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“Sustainability begins at home.” is a phrase closely associated with the founder of Village Weaves, Rupjyoti Saikia Gogoi. She started this venture in 2004 when she saw a lot of tourists littering the Kaziranga National Park. She thought of weaving the plastic into handbags, table mats, doormats, and other items to tackle this problem. And this is how Village Weaves came into existence.


When asked about the unique method of weaving, she explained, “We collect the litter from the park as well as we take plastic from each house in our area every week. The plastic is cleaned, dried and cut into small strings, a kind of yarn. We use fifty per cent of cotton and plastic, respectively. There is a special method to weave them together. We weave every type of plastic, but plastic bottles are very difficult to weave because it’s very hard. “


But that’s not the end of the story. She also mentioned, “I have seen a lot of women here who are semi-literate but are expert weavers. We have all been looking for additional income, thus Village Weaves is a self-help group set up to sustain the environment and its inhabitants. Most women who come here are very poor, so this was a way to help them improve their living standards. ” Rupjyoti opened another venture known as Kaziranga Haat in 2012 where they sold the articles they made. So far, she has trained 2000 women to improve their skills in patterns, colour combinations, etc. The struggle she faced when she started Village Weaves was that the government gave more importance to the National Park and not to its villages, so funding was an immense problem.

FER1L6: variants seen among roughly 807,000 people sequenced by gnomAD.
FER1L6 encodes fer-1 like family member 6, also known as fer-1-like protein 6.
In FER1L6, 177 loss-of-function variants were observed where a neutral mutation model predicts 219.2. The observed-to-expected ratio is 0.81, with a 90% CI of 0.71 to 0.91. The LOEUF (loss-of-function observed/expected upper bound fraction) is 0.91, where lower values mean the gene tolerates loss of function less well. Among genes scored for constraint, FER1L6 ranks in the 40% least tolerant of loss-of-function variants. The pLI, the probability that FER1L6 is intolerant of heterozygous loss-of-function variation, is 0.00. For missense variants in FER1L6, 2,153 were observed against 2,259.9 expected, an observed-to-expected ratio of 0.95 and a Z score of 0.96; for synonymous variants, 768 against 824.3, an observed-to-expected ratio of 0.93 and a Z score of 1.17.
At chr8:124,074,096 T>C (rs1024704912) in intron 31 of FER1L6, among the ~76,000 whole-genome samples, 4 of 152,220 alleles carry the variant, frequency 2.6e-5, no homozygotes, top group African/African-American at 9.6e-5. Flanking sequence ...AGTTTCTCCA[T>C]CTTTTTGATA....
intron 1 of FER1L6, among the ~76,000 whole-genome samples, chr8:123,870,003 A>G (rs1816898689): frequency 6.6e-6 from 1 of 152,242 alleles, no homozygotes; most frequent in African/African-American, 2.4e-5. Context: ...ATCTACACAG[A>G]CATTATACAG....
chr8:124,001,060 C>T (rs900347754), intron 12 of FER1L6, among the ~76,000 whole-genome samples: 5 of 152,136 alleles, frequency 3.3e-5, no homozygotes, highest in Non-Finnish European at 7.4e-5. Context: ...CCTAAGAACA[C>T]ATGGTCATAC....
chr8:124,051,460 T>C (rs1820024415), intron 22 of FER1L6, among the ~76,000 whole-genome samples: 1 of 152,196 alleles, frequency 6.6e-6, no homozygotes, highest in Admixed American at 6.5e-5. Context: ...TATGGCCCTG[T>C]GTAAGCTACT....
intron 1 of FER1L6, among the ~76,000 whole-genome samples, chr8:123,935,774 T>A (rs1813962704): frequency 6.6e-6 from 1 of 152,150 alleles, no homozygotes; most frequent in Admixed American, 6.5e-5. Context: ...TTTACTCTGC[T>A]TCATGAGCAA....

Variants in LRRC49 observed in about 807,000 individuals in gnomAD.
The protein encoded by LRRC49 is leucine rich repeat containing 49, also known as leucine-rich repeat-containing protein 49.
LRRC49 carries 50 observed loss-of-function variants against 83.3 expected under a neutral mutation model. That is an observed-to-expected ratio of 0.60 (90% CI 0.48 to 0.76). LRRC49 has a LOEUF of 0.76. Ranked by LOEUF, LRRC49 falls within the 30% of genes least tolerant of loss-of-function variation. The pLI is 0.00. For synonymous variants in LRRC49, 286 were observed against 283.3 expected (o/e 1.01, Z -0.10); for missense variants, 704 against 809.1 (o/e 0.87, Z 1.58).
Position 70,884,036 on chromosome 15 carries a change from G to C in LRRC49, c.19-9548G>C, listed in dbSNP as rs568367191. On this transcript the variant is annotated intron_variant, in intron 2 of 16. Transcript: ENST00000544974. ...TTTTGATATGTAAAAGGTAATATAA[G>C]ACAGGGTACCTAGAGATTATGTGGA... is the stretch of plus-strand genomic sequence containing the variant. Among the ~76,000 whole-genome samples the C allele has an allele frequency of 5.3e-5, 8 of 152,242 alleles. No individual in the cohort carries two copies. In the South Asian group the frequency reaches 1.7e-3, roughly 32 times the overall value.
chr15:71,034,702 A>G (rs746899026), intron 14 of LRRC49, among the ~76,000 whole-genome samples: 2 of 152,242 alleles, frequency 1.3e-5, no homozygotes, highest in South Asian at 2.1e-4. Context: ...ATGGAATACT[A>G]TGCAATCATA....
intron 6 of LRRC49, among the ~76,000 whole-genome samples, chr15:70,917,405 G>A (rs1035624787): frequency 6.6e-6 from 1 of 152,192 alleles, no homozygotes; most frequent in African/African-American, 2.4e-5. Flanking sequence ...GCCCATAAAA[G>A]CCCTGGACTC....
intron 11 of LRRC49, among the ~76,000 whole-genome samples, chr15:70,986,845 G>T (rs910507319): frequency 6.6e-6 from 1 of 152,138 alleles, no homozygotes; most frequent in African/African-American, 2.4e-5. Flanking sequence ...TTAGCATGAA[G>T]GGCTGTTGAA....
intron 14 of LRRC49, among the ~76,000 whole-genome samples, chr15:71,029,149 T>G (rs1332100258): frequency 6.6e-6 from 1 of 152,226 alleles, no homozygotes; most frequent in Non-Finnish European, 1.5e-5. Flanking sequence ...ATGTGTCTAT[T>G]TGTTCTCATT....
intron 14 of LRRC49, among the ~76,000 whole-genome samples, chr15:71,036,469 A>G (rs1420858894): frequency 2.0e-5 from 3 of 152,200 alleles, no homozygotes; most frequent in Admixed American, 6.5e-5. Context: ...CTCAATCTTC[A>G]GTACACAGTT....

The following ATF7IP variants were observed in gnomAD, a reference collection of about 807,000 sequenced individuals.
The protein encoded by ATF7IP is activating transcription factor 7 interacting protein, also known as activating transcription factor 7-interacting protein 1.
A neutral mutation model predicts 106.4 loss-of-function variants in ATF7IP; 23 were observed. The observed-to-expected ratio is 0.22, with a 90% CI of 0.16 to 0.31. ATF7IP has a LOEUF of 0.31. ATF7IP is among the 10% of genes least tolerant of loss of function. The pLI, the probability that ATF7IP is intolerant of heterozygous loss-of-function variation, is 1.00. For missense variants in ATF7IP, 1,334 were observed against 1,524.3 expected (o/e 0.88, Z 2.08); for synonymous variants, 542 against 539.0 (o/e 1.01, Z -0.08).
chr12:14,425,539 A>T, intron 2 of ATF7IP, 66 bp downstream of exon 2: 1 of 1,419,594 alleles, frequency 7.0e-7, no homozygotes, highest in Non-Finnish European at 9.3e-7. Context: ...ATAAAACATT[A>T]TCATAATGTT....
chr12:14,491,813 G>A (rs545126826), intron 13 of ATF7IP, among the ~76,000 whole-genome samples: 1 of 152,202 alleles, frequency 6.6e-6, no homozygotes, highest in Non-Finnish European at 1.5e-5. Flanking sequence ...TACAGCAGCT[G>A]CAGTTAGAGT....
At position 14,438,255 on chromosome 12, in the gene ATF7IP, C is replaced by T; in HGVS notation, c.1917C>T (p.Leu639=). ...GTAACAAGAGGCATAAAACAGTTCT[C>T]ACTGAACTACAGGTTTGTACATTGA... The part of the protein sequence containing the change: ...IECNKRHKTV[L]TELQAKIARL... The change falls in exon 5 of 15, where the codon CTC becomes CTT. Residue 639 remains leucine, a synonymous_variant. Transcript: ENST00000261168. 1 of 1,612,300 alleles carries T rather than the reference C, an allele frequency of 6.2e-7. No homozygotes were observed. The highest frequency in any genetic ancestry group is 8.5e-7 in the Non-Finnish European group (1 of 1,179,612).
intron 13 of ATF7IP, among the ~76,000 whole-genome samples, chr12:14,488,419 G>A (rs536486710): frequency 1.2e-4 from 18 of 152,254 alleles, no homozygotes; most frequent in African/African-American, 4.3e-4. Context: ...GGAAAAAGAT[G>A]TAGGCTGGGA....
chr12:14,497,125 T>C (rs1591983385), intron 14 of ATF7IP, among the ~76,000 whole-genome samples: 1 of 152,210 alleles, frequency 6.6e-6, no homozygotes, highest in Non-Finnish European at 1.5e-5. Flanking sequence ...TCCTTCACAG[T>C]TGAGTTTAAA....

Rupjyoti Gogoi also started Dekagiri Art and Music Academy (Music and dance School) for women and children to learn music with an interest in cultural art. To enhance the cooking skills of the surrounding women, Rup’s Kitchen is a restaurant for women to come and make food to earn as well.

The echoes of outstanding work by Village Weaves have not only received appreciation nationally, but people from Israel and other parts of the world have also shown curiosity in their type of weaving. Kaziranga Haat attracts customers from all around the world, including Oxford University.


Village Weaves is not only a start-up for sustainability but a helping hand for women to become independent and contribute to their houses. At the end of the interview, Rupjyoti said, “After Village Weaves, the women around here are so much happier. This is not just business for us, it is to build a future where women work and thrive and we see a world free from plastic.”

Village Weaves is truly an inspiration for what we can achieve when an individual makes a difference in the ways of the world.

Written By: Muskaan Mehta

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